#GlobalJustice Weekly – Expanding frontiers of international justice


A young Palestinian girl injured during the escalation of hostilities in Gaza in 2015. Awarded “Spirit of Humanity” in the Middle East and North Africa prize at the 2016 World Humanitarian Summit. © Mohammed Asad Muhaisen.

In Global Justice news this week: The European Union holds its first annual EU Day Against Impunity; the ICC held up as an example of the norms that uphold humanity at the World Humanitarian Summit; the ICC prosecutor addressed the UN Security Council on the situation in Libya; and much more.

European Union and World Humanitarian Summit urge an end to impunity

Global and regional events took place this week to promote comprehensive justice and accountability in the case of mass atrocities.

During Monday’s 1st EU Day Against Impunity, several EU institutions raised awareness on the legal and human tools available to EU countries in the fight to eradicate impunity worldwide.

Participants in the World Humanitarian Summit also looked to reinforce the International Criminal Court (ICC) and the wider Rome Statute system as an accepted response to humanitarian crises.

ICC investigations

Central African Republic: Victims have called for ICC judges to hand recently convicted MLA commander Jean-Pierre Bemba Gombo a 30-year sentence for war crimes and crimes against humanity.

 Côte d’Ivoire: Judges in Côte d’Ivoire rejected Simone Gbagbo’s appeal of the 20-year sentence she landed for “attacking state authority” during the country’s 2010-2011 post-election crisis. The Prime Minister reaffirmed that the former first lady, who is still wanted by the ICC for alleged crimes against humanity, would not be surrendered to the Court in The Hague.

Kenya: Can the ICC order reparations to victims of Kenya’s post-election violence without a conviction? The ICC Prosecutor meanwhile called the Ruto defence’s allegations against her staff, following the termination of the case against their client, “unsubstantiated, sensationalist and in some cases gratuitous.”

Libya: The ICC prosecutor called for Libya’s Government of National Accord to satisfy its legal obligation to surrender Saif al-Islam Gaddafi to the ICC while commending national law enforcement agencies for continuing to coordinate with the ICC, each other and Libyan authorities. She reiterated that justice and accountability would be crucial for achieving lasting peace in Libya.

Mali: Jihadist Ahmad al-Faqi al-Madhi’s lawyer told the ICC this week that the ICC suspect will seek forgiveness when he pleads guilty to attacking the world heritage site of Timbuktu as a war crime. The prosecution and defense jointly requested that the trial begin in The Hague in August this year.

Uganda: Journalists for Justice on why the ICC is a court of convenience for Ugandan President Yoweri Museveni.

Meanwhile, victims and civil society commemorating the Lukodi massacre expressed hope after the ICC announced the trial against Lord’s Resistance Army Commander Dominic Ongwen may begin 5 December this year.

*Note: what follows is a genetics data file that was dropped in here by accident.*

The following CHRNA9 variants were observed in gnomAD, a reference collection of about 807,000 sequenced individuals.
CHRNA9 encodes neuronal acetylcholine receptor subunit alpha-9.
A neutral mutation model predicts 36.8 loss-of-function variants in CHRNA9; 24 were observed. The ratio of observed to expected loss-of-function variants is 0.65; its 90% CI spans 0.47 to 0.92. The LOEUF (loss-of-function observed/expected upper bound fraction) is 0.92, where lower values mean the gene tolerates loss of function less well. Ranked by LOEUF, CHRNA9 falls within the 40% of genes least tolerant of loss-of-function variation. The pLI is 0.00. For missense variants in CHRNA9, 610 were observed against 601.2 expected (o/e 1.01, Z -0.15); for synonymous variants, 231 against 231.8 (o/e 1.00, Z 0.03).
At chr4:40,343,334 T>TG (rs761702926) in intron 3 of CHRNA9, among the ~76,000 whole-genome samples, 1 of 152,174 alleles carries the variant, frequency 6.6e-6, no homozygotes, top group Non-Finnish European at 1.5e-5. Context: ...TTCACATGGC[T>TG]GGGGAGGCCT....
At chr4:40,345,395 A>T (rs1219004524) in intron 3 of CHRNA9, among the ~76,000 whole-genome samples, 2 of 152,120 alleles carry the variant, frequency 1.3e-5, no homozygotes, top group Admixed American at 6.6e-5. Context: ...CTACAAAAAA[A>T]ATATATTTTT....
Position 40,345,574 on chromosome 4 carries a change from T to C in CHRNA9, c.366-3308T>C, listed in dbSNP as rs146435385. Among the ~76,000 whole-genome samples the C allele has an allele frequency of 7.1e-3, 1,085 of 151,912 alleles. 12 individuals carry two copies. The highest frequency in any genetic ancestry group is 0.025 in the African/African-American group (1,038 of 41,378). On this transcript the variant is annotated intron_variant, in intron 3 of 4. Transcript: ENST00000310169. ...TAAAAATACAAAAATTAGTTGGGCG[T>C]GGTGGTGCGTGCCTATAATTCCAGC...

ICC preliminary examinations

Iraq/UK: According to Mark Kersten, “short-sighted partisan bluster and squabbles” will not bring Iraqi victims justice for abuses at the hands of western officials and citizens.

Palestine: Could three trials by Israel around the killing of Palestinians shape the ICC’s next moves in Palestine? 

Campaign for Global Justice

Human Rights lawyer Philippe Sands’ new book revisited how definitions for core international crimes of genocide and crimes against humanity arose from the Nuremberg trials following World War II.

Could Germany be close to joining the more than 20 countries that have recognized the 1915-16 massacres of Armenians by Ottoman forces as ‘genocide’? Will the U.S. push for ICC intervention after declaring that ISIS is committing ‘genocide’ two months ago?

Johns Hopkins University released a report suggesting medical facilities and healthcare workers have been attacked in 19 countries in just over a year of warfare. The report’s coordinator noted that such attacks constitute war crimes at the ICC.

FIDH  expressed disappointment at the African Commission’s call for African Union states to ratify a regional treaty that protects heads-of-state from prosecution, which FIDH noted goes against the right of victims to obtain truth, justice and reparations. FIDH urged those states to instead support existing avenues for justice like the ICC.

Around the world

The President of Niger said his country has arrested and would hand over “scores” of Boko Haram militants for prosecution at the ICC.

Do the Rohingya face the final stages of genocide in Myanmar? One study called for the UN Security Council to work with ASEAN to bring the military leaders allegedly responsible to the ICC.

This entry was posted in #GlobalJusticeWeekly, Europe, genocide, Uncategorized, war crimes. Bookmark the permalink.

2 Responses to #GlobalJustice Weekly – Expanding frontiers of international justice

  1. With the uncertainty of global injustice in our world today, the ICC need continuing support from all legally recognized nation. We nations must work together to bring about the goal of the ICC.

  2. The uncertainty of the injustice in many countries in the world of today threatens world peace. The ICC struggles to bring about justice. This goal must be supported.

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